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Hispanic American Historical Review 82.1 (2002) 130-135
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The Atlantic Slave Trade
The Atlantic Slave Trade. By HERBERT S. KLEIN. New Approaches to the Americas. New York: Cambridge University Press, 1999 . Maps. Tables. Figures. Appendix. Bibliography. Index. xxi, 234 pp. Cloth, $49 .95 . Paper, $15 .95 .
This book is a synthesis intended to communicate to scholars and the educated public Herbert Klein's understanding of the past quarter century of scholarly research on the Atlantic slave trade and African slavery in the Americas. The need for the synthesis, as Klein explains, arises from "the gap between popular understanding and scholarly knowledge," as racial conflict in North America has made it difficult to treat the subject "in a rational manner" (p. xvii). Klein hopes to overcome this sociology of knowledge and offer a "rational" synthesis of current research to scholars and the general public. Clearly, this is not a mean task for a scholar working in a North American university and socializing in North American society and intellectual culture.
The coverage of issues is more or less comprehensive. In the context of global [End Page 130] history, the issue raised is why Western Europe expanded overseas and Asia (China or India) did not. The explanation is Europe's "unique" ability to mobilize capital and labor, largely because of strong state institutions and a rising merchant class with access to government support (p. 53 ). Somewhat related to the debate provoked by Henry Louis Gate Jr.'s "Wonders of Africa," the question of ultimate responsibility for the Atlantic slave trade is addressed: It was "created" by Europeans and "brought to an end by European intervention" (p. 73 ). What scholars now refer to as the Eric Williams multitheses are all examined in the light of current scholarship. In view of the beating Williams received from Western scholars in the 1960 s and 1970 s, the surprise is how close Klein is to Williams's position. Apart from the profits thesis considered extreme, he finds support in current scholarship for the "enormous wealth" created in the Americas by Africans and the stimulus this gave to industrialization in Western Europe. On the question of why New World demand for slave labor focused exclusively on Africa, there is clear agreement with Williams--the reason was economics, not racism: "In the context of late-fifteenth-century Africa and Europe, it was Africans who could be purchased and transported at a cost that was within the capacity of the American colonizing powers to pay and still make a profit out of their colonies" (p. 16 ). However, conditions in Africa, which explain the cheap supply, are not demonstrated. Even on the highly controversial issue of abolition, Klein comes quite close to Williams. "While the arguments against the slave trade may have had a moral origin," he says, "they were also based on the interests of European workers and capitalists and not on any concern with the African slaves themselves" (p. 185 ). On these and several other issues there is a fair balance and "rational" synthesis of current scholarship. One omission that should be mentioned at this point is the role of the slaves themselves in ending American slavery, a major theme in current scholarship.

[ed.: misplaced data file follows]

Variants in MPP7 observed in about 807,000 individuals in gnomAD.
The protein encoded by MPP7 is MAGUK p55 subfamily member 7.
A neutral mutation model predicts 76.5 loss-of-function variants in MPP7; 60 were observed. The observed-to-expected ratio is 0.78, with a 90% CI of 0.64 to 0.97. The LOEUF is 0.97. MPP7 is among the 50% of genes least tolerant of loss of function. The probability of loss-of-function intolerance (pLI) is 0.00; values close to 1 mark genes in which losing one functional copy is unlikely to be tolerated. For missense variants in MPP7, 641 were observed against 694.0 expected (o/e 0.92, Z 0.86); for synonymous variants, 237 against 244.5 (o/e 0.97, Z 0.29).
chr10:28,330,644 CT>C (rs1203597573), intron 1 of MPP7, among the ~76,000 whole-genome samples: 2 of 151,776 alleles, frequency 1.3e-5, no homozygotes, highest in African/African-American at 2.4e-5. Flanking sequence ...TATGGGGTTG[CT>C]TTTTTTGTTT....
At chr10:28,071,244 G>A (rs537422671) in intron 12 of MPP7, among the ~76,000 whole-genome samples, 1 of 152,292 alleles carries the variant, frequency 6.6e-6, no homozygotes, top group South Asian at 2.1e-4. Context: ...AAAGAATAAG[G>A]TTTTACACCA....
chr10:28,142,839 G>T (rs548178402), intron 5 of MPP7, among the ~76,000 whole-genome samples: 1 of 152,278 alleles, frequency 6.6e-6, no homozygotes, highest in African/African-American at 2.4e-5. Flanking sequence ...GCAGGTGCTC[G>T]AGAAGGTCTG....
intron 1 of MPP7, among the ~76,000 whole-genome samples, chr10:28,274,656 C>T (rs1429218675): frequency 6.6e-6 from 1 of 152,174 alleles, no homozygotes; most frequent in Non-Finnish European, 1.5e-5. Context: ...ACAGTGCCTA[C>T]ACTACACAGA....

When it comes to the more strictly African side of the subject, presentation of current scholarly knowledge is problematic. To be fair, Klein makes no secret of his limitations in African history. To start, the criticism of writers who deny the existence of slave markets in Africa, "assuming that all slaves were taken by piratical seizure of European traders" (p. 103 ), would be seen as shadow boxing by African historians. What they would find even more baffling is the impression of a "discovery" that the captives transported from Africa were, in the main, sold to the Europeans by traders in Africa. Since the 1950 s African historians, black and white --John Fage, Kenneth Dike, Jan Vansina, Walter Rodney, K. Y. Daaku, Basil Davidson, A. G. Hopkins, I. A. Akinjogbin, Robin Law, Ralph Austen, and Joseph Inikori--have said repeatedly and unambiguously that African middlemen sold...